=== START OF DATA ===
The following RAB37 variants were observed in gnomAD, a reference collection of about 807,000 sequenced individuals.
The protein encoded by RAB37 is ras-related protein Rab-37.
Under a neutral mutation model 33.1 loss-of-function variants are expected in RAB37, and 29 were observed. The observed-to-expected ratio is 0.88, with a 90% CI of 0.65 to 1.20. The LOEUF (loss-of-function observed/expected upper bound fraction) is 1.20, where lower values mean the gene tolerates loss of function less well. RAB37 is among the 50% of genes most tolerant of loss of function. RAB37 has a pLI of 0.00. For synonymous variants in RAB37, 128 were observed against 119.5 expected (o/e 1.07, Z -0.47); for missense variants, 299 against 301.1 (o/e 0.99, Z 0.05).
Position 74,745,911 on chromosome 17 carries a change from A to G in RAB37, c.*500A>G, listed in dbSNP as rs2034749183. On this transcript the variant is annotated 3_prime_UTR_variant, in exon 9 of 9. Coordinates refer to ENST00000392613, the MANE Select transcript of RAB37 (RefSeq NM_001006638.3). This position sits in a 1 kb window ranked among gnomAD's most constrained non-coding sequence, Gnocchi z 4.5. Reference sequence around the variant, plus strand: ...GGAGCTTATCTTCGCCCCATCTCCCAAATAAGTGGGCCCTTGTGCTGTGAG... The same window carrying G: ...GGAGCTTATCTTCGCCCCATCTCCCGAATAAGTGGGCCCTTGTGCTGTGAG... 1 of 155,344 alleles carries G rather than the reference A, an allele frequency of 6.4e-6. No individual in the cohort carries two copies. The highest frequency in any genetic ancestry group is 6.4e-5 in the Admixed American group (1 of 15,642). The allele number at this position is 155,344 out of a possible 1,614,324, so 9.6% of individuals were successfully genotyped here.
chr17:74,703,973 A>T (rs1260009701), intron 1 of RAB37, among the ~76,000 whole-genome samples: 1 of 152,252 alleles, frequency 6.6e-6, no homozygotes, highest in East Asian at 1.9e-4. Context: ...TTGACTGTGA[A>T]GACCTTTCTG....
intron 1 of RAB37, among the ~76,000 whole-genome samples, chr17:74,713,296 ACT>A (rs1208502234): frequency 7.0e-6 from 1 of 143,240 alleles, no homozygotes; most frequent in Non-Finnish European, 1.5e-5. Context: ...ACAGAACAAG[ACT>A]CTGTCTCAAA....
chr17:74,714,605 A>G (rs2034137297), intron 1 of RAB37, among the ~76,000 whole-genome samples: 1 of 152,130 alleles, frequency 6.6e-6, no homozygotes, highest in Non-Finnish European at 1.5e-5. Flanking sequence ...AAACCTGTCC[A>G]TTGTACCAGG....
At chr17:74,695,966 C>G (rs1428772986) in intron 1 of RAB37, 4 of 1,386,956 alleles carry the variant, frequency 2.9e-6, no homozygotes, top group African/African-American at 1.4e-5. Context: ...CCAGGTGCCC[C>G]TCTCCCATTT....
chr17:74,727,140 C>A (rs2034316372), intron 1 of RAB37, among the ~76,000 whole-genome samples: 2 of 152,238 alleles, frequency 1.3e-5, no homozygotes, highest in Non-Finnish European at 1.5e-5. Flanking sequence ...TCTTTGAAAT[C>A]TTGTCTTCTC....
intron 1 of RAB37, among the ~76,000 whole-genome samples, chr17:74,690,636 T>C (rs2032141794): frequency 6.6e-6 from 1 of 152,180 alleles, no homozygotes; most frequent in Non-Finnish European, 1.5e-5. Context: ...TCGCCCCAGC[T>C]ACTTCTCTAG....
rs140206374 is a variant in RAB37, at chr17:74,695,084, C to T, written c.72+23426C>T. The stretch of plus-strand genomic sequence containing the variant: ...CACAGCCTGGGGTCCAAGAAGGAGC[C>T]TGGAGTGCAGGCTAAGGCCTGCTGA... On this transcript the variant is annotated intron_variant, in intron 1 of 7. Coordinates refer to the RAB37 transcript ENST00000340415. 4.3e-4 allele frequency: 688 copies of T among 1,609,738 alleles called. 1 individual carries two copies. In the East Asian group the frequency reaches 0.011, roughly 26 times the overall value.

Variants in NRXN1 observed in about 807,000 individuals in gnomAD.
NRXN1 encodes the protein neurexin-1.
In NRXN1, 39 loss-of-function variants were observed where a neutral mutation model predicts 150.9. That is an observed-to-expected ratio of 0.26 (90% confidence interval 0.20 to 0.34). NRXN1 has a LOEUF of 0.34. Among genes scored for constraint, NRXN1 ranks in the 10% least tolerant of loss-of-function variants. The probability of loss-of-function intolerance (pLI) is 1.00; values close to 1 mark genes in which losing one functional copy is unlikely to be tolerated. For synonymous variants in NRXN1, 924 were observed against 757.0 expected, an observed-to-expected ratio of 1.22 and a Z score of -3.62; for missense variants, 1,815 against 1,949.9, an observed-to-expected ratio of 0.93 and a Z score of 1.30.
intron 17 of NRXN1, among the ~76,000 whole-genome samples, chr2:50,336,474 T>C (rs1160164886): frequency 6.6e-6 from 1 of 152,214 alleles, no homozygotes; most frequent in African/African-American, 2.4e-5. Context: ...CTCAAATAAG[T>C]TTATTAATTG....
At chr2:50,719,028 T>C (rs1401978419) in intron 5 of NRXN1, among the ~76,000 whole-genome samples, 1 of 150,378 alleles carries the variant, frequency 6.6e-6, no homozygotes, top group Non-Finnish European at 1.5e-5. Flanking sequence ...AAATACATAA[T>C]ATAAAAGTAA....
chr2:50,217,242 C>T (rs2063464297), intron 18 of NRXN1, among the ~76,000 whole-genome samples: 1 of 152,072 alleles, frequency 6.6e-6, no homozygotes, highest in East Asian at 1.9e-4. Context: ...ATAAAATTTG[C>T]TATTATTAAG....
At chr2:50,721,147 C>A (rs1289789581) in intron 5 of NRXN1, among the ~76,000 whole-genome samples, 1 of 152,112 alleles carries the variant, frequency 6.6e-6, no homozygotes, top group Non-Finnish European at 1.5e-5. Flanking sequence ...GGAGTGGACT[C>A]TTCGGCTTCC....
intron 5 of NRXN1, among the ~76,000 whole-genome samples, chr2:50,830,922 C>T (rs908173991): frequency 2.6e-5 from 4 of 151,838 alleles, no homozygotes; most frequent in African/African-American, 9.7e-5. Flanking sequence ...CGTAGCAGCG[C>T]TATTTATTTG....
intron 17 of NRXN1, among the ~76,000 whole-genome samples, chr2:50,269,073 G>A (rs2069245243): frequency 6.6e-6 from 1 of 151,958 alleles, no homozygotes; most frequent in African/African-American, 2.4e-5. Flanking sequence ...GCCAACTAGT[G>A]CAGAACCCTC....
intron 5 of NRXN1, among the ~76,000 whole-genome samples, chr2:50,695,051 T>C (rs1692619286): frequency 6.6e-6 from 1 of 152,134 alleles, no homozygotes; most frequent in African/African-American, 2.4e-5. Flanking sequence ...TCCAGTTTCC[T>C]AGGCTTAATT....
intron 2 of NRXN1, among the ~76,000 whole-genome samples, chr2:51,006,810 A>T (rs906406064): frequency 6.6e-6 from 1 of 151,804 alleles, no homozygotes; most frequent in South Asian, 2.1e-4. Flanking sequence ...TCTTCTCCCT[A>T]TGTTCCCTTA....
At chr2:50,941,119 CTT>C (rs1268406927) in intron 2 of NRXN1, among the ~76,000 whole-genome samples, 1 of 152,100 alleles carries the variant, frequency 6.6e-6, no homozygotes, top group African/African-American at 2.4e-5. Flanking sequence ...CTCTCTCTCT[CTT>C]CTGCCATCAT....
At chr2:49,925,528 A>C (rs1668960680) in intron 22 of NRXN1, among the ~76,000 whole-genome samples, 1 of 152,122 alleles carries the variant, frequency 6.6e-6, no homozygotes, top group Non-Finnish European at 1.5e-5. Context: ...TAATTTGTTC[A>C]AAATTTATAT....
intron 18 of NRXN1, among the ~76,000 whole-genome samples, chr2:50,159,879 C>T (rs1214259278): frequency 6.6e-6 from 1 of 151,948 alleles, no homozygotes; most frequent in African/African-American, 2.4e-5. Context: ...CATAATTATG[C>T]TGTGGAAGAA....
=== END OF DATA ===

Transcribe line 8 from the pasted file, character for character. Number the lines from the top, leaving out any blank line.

At chr17:74,695,966 C>G (rs1428772986) in intron 1 of RAB37, 4 of 1,386,956 alleles carry the variant, frequency 2.9e-6, no homozygotes, top group African/African-American at 1.4e-5. Context: ...CCAGGTGCCC[C>G]TCTCCCATTT....